• Dadaab is the largest refugee camp in the world. It is situated in the North Eastern Province of Kenya and it is believed that it will home 450,000 people by the end of 2011. The long lasting instability in the area, specifically Somalia, was the initial factor in the camp’s existence, but this has been exacerbated by the recent famine. As the world’s media pore over ‘Drought in the Horn of Africa’, it is being forgotten that Dadaab pre-existed this disaster. The camp is such a long lasting institution in the area that for many children who were born and raised there, it is not a camp but a home. While more money and more refugees flood into the camp, fuelled by the recent appeals, it seems that the camp is being used as a solution instead of a temporary arrangement. It has become the third largest settlement in Kenya after Nairobi and Mombasa, much to the consternation of many Kenyans. Is this truly sustainable and what are the alternatives? Will these Somalis ever be able to go home? By looking at the impact of aid on the ground, which has been the life force of Dadaab, and equally looking at the impact in the long run, it is possible to shed more light on a complex and difficult situation. In this climate of global financial crisis, people have an even greater interest in where their money goes and the good that it does. There is an inherent conflict between wanting to do good but only ultimately supplying short-term solutions, and the ‘tough love’ position that reducing aid seems to imply. By talking to people whose lives are directly involved and also talking to academics and experts in the field, we can start to formulate a humane solution for this very human problem.

Fatuma Badel fled Buale, Somalia with 8 children after leaving her sick husband. “he became sick and I couldn’t carry him. I don’t know if he is alive or dead. This one, my youngest was like a dead person when i arrived. Now I thank God I can hear him cry again.” She has been 3 days in the MSF hospital with her baby Mohamud who arrived severely malnourished. At nine months old he weighs 4.3 KG. (Photo: Kenya 2011 © Brendan Bannon)


This is what it’s like riding between the refugee camps in Dadaab, which requires armed escorts that lead and trail each convoy to protect us from bandits (or “shifters,” as my Aussie colleague likes to call them).  We do this about 4 times a day, and our driver, Sala, is pretty badass.  He usually goes about 50 mph, but the other day he was really channeling his inner Nic Cage, and got us up above 60.  These are pretty fast speeds when traveling on uneven sand.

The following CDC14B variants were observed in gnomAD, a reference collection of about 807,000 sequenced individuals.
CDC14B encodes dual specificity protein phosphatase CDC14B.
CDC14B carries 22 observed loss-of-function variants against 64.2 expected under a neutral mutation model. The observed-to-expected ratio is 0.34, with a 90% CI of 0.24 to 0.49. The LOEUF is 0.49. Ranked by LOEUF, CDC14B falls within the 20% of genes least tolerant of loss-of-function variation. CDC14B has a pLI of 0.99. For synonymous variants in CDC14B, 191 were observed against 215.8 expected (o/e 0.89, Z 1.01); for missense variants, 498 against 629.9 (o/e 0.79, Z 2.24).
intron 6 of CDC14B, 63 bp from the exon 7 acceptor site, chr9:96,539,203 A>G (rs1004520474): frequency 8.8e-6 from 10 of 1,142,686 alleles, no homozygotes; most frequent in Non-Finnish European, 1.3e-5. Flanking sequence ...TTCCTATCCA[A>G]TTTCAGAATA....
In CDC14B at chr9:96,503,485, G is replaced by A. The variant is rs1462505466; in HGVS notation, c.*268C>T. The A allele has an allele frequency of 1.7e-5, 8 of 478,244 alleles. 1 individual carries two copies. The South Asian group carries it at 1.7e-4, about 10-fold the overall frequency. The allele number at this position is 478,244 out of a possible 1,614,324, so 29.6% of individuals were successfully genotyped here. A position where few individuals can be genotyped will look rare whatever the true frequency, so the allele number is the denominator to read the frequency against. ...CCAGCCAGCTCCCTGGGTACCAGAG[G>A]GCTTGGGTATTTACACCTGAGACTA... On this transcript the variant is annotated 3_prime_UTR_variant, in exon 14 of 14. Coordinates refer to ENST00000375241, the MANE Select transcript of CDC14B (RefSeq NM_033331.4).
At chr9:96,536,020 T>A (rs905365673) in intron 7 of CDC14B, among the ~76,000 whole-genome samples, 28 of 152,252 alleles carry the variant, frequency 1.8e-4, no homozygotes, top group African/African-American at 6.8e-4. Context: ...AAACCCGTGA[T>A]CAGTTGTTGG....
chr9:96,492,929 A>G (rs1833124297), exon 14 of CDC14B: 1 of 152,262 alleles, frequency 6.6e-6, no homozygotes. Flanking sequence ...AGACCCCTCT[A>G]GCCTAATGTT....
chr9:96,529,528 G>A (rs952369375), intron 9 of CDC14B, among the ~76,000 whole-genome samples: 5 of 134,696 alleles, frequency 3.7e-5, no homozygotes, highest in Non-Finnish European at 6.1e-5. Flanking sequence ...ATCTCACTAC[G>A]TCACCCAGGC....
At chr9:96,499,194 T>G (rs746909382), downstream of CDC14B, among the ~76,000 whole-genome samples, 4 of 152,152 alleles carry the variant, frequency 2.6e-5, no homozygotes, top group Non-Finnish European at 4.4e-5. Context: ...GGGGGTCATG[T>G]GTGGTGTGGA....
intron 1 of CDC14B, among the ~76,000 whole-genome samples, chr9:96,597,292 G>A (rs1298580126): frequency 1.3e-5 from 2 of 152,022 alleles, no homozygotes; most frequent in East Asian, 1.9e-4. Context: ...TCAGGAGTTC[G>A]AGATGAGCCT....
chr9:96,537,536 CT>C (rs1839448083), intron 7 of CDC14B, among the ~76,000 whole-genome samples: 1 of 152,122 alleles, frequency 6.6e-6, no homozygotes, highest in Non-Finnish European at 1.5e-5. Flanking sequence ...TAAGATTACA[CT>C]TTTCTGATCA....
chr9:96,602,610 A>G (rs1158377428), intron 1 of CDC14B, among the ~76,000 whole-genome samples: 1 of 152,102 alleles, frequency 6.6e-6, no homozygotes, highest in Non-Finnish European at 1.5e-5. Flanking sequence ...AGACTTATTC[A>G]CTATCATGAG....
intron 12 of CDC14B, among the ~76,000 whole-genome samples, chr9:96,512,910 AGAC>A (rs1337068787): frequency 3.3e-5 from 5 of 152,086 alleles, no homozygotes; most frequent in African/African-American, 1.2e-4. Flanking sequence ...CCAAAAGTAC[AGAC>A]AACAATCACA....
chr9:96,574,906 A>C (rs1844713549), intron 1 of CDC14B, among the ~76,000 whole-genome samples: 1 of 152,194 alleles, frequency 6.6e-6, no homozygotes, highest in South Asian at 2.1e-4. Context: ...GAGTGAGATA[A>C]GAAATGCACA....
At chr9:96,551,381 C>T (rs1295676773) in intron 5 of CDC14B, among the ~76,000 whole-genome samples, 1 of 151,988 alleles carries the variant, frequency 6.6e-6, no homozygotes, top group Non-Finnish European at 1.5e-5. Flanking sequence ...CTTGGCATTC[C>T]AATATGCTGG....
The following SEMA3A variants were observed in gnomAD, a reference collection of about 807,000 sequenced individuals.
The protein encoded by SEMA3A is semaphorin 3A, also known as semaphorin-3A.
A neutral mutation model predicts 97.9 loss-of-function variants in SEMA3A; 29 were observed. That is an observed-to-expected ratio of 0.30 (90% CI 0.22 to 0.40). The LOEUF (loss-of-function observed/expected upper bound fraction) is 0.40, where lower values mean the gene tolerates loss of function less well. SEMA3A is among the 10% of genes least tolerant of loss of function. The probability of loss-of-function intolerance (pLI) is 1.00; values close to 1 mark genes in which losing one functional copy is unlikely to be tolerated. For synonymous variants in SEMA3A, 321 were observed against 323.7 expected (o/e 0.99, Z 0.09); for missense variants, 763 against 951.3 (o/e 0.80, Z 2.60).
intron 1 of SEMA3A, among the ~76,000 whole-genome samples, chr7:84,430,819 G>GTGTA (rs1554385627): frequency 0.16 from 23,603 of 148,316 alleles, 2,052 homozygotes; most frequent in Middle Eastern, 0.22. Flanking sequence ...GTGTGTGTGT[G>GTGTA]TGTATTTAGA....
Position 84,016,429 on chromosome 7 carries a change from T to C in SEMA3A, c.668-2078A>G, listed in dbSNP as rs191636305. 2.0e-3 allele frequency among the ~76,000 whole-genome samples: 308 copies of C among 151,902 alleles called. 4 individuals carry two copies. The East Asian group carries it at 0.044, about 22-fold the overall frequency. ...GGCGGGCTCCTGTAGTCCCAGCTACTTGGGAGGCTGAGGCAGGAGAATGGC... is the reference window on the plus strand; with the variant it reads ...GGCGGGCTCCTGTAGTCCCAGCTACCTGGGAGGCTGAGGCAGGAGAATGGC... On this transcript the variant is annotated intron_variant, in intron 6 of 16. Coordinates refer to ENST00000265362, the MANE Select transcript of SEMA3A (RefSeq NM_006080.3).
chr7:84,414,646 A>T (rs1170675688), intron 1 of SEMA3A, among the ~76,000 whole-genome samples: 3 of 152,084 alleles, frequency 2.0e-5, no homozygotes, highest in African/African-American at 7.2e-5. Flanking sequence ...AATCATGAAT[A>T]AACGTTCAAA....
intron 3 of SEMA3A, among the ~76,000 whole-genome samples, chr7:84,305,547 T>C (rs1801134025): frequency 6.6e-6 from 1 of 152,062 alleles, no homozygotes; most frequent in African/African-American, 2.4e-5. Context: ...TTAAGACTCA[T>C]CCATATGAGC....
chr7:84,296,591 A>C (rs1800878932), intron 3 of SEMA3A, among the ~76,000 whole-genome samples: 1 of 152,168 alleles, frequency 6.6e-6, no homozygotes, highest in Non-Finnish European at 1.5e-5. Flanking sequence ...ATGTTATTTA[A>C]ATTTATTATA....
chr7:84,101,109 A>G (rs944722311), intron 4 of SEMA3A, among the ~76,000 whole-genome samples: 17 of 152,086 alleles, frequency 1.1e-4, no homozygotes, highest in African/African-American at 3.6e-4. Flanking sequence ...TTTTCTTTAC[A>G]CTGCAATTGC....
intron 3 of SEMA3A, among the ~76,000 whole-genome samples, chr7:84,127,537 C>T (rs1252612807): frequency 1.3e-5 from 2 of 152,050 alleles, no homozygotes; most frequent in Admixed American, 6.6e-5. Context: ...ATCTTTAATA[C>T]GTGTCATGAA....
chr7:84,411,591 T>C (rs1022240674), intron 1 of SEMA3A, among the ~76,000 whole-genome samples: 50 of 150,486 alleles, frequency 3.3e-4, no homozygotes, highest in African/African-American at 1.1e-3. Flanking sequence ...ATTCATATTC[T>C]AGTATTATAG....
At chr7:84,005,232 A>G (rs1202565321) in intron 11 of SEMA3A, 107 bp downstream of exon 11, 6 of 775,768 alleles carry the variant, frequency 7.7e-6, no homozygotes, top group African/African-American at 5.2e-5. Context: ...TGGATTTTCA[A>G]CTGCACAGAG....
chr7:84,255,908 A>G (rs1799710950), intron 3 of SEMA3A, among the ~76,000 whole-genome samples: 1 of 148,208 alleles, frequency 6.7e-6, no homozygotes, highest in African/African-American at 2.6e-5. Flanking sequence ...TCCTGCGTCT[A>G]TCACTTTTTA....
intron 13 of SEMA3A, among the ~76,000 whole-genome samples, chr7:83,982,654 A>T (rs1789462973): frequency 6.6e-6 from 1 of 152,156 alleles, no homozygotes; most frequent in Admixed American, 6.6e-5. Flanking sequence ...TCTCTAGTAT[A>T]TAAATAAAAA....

This food, destined for Somali refugees in the sprawling tent city of Dadaab, Kenya, was purchased by local farmers in Kenya through a programme called “Purchase for Progress.”

The programme helps farmers grow more food and meet quality standards so that WFP can buy it from them and use it feed hungry people nearby.

Purchase for Progress received a vote of confidence from none other than Bill Gates, who underscored the importance of empowering famers at a recent food security event in Washington D.C.

You can find out more about this innovative new project at our Purchase for Progress blog.

Photo by Lydia Wamala


Somali Refugees in Dadaab Struggle On

Though the international spotlight has moved on, hundreds of thousands of Somali refugees in the Dadaab camps in northwestern Kenya, the largest refugee camps in the world, continue to struggle amid harsh conditions and pervasive malnutrition, particularly among children. Aid has been too slow in coming, however, and longer-term solutions are nowhere to be found.
Somalian Drought: Worst Humanitarian Disaster

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Tens of thousands are flocking to the U.N. refugee camp in Dadaab, Kenya to escape the Somalian drought. There are already 380,000 refugees living there now. The World Food Program estimates that there are still 10 million people in need of aid.

The mortality rates have exceeded emergency ceilings and 50% of people arriving are malnourished.

The camps are full and do not have the resources to provide this huge influx of refugees with food, shelter and medical treatment.